European Court of Justice rules Romania must give residency to gay man's partner


The European Union’s Court of Justice on Thursday found that Romania must give residency to the same-sex partner of one of its citizens, despite Romania not recognizing same-sex marriage.

The advisory ruling comes after same-sex couple Relu Coman, a Romanian national, and his American partner Robert Hamilton requested for Romanian authorities to issue the documents needed to allow Coman to work and reside permanently in Romania with Hamilton in December 2012.

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The request was based on the directive on the exercise of freedom of movement, which permits the spouse of an EU citizen to join his or her partner in the member state where the EU citizen resides.

But Romanian authorities refused to grant Hamilton residency, on the grounds that he could not be classified as the “spouse” of an EU citizen in Romania because the country does not recognize same-sex marriage.

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Coman and Hamilton appealed the authorities’ decision at Romania’s Constitutional Court, which then referred the issue to the Court of Justice, asking if Hamilton must be granted permanent residency in Romania based on his EU spouse having exercised his freedom of movement.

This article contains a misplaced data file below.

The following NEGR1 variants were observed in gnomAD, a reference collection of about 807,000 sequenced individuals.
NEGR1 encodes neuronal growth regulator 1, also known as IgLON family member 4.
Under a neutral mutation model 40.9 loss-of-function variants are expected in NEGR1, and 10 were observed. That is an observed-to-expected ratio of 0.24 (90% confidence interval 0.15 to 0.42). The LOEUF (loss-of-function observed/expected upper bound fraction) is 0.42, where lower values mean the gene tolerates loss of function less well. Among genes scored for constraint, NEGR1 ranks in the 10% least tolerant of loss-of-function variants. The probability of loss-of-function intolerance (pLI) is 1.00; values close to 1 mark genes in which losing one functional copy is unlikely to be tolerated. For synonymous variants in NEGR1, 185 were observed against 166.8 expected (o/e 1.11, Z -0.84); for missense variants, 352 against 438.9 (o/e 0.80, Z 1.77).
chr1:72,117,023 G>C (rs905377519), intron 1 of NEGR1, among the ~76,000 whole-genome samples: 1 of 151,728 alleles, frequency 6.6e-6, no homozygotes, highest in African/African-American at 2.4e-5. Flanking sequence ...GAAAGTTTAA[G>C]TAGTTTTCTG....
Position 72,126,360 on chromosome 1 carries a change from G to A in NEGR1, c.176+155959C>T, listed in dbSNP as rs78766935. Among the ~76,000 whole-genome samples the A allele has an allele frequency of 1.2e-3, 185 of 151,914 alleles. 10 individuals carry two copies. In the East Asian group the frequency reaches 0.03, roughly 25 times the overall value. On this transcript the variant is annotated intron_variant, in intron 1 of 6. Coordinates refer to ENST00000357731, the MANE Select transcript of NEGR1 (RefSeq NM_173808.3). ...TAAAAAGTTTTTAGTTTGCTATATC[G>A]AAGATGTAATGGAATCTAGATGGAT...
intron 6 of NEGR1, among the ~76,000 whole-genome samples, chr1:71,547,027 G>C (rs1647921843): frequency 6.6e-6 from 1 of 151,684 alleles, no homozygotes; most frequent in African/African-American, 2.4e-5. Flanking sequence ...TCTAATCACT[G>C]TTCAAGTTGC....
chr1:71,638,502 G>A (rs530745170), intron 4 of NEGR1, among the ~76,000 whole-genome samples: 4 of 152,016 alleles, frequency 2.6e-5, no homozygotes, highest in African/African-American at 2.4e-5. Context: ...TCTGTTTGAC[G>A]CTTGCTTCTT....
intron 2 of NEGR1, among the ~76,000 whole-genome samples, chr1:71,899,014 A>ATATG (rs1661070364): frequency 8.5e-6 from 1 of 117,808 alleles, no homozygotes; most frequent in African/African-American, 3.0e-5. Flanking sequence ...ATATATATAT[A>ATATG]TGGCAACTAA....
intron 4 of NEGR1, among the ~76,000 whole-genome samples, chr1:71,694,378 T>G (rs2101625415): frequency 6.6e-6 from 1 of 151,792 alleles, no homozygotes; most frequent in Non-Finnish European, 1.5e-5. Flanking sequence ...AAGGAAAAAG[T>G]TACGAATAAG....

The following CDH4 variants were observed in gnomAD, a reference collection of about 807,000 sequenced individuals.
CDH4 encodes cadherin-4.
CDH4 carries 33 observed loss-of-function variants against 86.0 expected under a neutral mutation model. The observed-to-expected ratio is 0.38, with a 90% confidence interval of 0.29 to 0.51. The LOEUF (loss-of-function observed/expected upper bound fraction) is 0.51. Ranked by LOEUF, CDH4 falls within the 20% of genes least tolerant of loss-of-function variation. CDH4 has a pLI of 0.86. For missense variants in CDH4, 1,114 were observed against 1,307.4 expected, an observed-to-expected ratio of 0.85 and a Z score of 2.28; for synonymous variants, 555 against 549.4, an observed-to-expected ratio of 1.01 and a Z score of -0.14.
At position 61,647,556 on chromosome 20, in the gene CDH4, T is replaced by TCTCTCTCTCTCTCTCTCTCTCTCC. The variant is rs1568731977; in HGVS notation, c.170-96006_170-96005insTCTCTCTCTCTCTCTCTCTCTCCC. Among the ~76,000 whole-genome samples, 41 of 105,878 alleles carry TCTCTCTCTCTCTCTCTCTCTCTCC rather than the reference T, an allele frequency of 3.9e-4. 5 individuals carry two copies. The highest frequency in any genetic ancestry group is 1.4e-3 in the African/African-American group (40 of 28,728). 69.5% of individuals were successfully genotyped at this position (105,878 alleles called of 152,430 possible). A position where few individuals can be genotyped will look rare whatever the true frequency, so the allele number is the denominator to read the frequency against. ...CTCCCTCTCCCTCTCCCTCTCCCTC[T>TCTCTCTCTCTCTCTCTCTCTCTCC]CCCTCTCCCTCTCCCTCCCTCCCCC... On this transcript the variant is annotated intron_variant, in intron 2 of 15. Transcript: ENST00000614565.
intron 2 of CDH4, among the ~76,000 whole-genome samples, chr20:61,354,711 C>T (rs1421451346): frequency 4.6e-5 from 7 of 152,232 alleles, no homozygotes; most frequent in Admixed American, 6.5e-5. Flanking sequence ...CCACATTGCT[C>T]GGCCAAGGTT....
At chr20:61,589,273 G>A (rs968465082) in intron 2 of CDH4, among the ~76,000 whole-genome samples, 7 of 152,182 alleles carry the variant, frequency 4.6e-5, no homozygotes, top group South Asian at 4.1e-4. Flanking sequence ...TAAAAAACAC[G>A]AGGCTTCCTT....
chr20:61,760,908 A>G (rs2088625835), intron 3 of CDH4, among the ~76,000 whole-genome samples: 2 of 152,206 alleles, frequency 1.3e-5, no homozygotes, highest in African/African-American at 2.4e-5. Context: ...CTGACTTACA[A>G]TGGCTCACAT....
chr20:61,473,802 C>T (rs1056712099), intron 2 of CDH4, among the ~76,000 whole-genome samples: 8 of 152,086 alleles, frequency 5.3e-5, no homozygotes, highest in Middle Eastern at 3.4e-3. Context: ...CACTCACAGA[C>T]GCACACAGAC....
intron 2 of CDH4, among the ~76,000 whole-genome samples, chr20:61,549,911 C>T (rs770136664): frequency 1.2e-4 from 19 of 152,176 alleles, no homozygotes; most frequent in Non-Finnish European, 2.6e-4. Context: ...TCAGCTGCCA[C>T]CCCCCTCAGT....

Generally accepted marriage definition ‘can no longer be followed’

In Advocate General Melchior Wathelet’s advisory ruling on Thursday, he said the legal issue at the center of the dispute was not the legalization of same-sex marriage, but the free movement of EU citizens.

“While member states are free to provide for marriage between persons of the same sex in their domestic legal system or not, they must fulfil their obligations under the freedom of movement of EU citizens,” the statement said.

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Wathelet found that the directive on the exercise of free movement made no reference to member state law in determining the nature of the term “spouse.”

He said that while the term “spouse” within the meaning of the directive refers to a marriage, it was neutral as to the sex of the persons in the marriage and indifferent to where the marriage took place.

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“In the view of the general evolution of the societies of the member states of the EU in the last decade in the area of authorization of same-sex marriage,  the case-law of the Court whereby ‘according to the definition generally accepted by the member states, the term marriage means a union between two persons of the opposite sex’ can no longer be followed,” the statement said.